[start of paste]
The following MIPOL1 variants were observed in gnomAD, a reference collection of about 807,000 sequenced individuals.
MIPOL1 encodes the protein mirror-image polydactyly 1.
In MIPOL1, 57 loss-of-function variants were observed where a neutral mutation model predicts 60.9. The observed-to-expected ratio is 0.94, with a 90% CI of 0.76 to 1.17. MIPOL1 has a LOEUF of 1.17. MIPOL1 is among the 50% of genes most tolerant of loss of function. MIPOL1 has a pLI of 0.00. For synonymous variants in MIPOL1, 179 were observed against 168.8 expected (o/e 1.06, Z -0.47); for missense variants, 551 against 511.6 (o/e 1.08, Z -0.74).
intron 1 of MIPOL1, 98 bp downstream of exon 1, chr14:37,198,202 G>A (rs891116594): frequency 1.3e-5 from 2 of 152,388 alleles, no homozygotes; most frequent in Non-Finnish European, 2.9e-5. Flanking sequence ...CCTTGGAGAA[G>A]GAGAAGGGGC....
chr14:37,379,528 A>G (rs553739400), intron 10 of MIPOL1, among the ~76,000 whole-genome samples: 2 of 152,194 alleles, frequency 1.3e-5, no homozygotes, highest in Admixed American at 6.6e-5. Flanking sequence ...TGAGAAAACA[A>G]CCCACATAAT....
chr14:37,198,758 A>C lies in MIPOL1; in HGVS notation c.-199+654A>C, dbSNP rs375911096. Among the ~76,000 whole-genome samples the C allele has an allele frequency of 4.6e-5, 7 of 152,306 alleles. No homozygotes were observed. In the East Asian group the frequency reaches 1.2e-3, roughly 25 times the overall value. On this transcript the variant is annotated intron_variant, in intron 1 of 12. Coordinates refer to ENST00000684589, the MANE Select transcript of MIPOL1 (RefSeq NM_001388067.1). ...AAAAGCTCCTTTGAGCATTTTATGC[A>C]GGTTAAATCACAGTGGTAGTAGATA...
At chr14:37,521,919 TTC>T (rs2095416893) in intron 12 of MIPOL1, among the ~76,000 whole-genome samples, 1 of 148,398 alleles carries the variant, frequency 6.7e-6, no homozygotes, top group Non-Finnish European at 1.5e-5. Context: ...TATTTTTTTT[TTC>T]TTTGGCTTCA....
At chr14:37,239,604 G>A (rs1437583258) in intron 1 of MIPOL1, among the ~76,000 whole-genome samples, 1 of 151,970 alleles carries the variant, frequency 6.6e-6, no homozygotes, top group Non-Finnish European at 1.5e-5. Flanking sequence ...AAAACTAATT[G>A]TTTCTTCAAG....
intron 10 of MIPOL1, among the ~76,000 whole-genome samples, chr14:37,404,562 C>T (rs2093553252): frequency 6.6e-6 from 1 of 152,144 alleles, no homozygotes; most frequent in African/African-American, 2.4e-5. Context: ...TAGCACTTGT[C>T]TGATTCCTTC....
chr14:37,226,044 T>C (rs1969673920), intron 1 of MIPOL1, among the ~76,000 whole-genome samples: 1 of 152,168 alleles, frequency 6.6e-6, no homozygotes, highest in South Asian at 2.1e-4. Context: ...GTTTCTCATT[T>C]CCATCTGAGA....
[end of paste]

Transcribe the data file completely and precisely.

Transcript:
The following MIPOL1 variants were observed in gnomAD, a reference collection of about 807,000 sequenced individuals.
MIPOL1 encodes the protein mirror-image polydactyly 1.
In MIPOL1, 57 loss-of-function variants were observed where a neutral mutation model predicts 60.9. The observed-to-expected ratio is 0.94, with a 90% CI of 0.76 to 1.17. MIPOL1 has a LOEUF of 1.17. MIPOL1 is among the 50% of genes most tolerant of loss of function. MIPOL1 has a pLI of 0.00. For synonymous variants in MIPOL1, 179 were observed against 168.8 expected (o/e 1.06, Z -0.47); for missense variants, 551 against 511.6 (o/e 1.08, Z -0.74).
intron 1 of MIPOL1, 98 bp downstream of exon 1, chr14:37,198,202 G>A (rs891116594): frequency 1.3e-5 from 2 of 152,388 alleles, no homozygotes; most frequent in Non-Finnish European, 2.9e-5. Flanking sequence ...CCTTGGAGAA[G>A]GAGAAGGGGC....
chr14:37,379,528 A>G (rs553739400), intron 10 of MIPOL1, among the ~76,000 whole-genome samples: 2 of 152,194 alleles, frequency 1.3e-5, no homozygotes, highest in Admixed American at 6.6e-5. Flanking sequence ...TGAGAAAACA[A>G]CCCACATAAT....
chr14:37,198,758 A>C lies in MIPOL1; in HGVS notation c.-199+654A>C, dbSNP rs375911096. Among the ~76,000 whole-genome samples the C allele has an allele frequency of 4.6e-5, 7 of 152,306 alleles. No homozygotes were observed. In the East Asian group the frequency reaches 1.2e-3, roughly 25 times the overall value. On this transcript the variant is annotated intron_variant, in intron 1 of 12. Coordinates refer to ENST00000684589, the MANE Select transcript of MIPOL1 (RefSeq NM_001388067.1). ...AAAAGCTCCTTTGAGCATTTTATGC[A>C]GGTTAAATCACAGTGGTAGTAGATA...
At chr14:37,521,919 TTC>T (rs2095416893) in intron 12 of MIPOL1, among the ~76,000 whole-genome samples, 1 of 148,398 alleles carries the variant, frequency 6.7e-6, no homozygotes, top group Non-Finnish European at 1.5e-5. Context: ...TATTTTTTTT[TTC>T]TTTGGCTTCA....
At chr14:37,239,604 G>A (rs1437583258) in intron 1 of MIPOL1, among the ~76,000 whole-genome samples, 1 of 151,970 alleles carries the variant, frequency 6.6e-6, no homozygotes, top group Non-Finnish European at 1.5e-5. Flanking sequence ...AAAACTAATT[G>A]TTTCTTCAAG....
intron 10 of MIPOL1, among the ~76,000 whole-genome samples, chr14:37,404,562 C>T (rs2093553252): frequency 6.6e-6 from 1 of 152,144 alleles, no homozygotes; most frequent in African/African-American, 2.4e-5. Context: ...TAGCACTTGT[C>T]TGATTCCTTC....
chr14:37,226,044 T>C (rs1969673920), intron 1 of MIPOL1, among the ~76,000 whole-genome samples: 1 of 152,168 alleles, frequency 6.6e-6, no homozygotes, highest in South Asian at 2.1e-4. Context: ...GTTTCTCATT[T>C]CCATCTGAGA....